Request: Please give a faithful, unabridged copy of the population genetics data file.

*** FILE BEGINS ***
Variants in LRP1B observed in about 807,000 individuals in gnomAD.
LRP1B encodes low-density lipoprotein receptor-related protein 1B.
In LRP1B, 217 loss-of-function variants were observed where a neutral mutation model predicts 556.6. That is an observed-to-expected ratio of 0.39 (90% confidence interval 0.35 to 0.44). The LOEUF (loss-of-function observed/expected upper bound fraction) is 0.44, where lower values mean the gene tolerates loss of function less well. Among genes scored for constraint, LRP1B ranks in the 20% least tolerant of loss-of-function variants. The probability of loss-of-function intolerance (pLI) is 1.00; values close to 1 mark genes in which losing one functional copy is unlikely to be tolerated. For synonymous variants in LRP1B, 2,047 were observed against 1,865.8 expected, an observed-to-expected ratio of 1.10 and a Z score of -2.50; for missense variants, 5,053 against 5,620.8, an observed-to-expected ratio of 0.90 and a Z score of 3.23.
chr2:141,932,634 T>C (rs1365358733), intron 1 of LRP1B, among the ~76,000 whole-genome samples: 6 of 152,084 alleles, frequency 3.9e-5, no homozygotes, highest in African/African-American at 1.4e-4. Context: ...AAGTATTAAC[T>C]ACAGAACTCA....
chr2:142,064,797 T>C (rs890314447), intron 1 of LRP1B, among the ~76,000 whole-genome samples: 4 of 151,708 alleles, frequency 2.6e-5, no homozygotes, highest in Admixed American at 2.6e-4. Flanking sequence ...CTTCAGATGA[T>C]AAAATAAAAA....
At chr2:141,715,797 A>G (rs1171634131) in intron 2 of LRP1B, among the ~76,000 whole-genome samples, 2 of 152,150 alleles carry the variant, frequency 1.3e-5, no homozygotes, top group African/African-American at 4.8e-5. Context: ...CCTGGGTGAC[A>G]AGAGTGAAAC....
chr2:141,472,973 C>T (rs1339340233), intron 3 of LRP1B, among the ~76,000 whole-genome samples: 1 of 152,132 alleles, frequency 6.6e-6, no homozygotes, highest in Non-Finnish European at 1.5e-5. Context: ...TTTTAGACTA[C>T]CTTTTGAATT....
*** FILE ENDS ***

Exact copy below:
Variants in LRP1B observed in about 807,000 individuals in gnomAD.
LRP1B encodes low-density lipoprotein receptor-related protein 1B.
In LRP1B, 217 loss-of-function variants were observed where a neutral mutation model predicts 556.6. That is an observed-to-expected ratio of 0.39 (90% confidence interval 0.35 to 0.44). The LOEUF (loss-of-function observed/expected upper bound fraction) is 0.44, where lower values mean the gene tolerates loss of function less well. Among genes scored for constraint, LRP1B ranks in the 20% least tolerant of loss-of-function variants. The probability of loss-of-function intolerance (pLI) is 1.00; values close to 1 mark genes in which losing one functional copy is unlikely to be tolerated. For synonymous variants in LRP1B, 2,047 were observed against 1,865.8 expected, an observed-to-expected ratio of 1.10 and a Z score of -2.50; for missense variants, 5,053 against 5,620.8, an observed-to-expected ratio of 0.90 and a Z score of 3.23.
chr2:141,932,634 T>C (rs1365358733), intron 1 of LRP1B, among the ~76,000 whole-genome samples: 6 of 152,084 alleles, frequency 3.9e-5, no homozygotes, highest in African/African-American at 1.4e-4. Context: ...AAGTATTAAC[T>C]ACAGAACTCA....
chr2:142,064,797 T>C (rs890314447), intron 1 of LRP1B, among the ~76,000 whole-genome samples: 4 of 151,708 alleles, frequency 2.6e-5, no homozygotes, highest in Admixed American at 2.6e-4. Flanking sequence ...CTTCAGATGA[T>C]AAAATAAAAA....
At chr2:141,715,797 A>G (rs1171634131) in intron 2 of LRP1B, among the ~76,000 whole-genome samples, 2 of 152,150 alleles carry the variant, frequency 1.3e-5, no homozygotes, top group African/African-American at 4.8e-5. Context: ...CCTGGGTGAC[A>G]AGAGTGAAAC....
chr2:141,472,973 C>T (rs1339340233), intron 3 of LRP1B, among the ~76,000 whole-genome samples: 1 of 152,132 alleles, frequency 6.6e-6, no homozygotes, highest in Non-Finnish European at 1.5e-5. Context: ...TTTTAGACTA[C>T]CTTTTGAATT....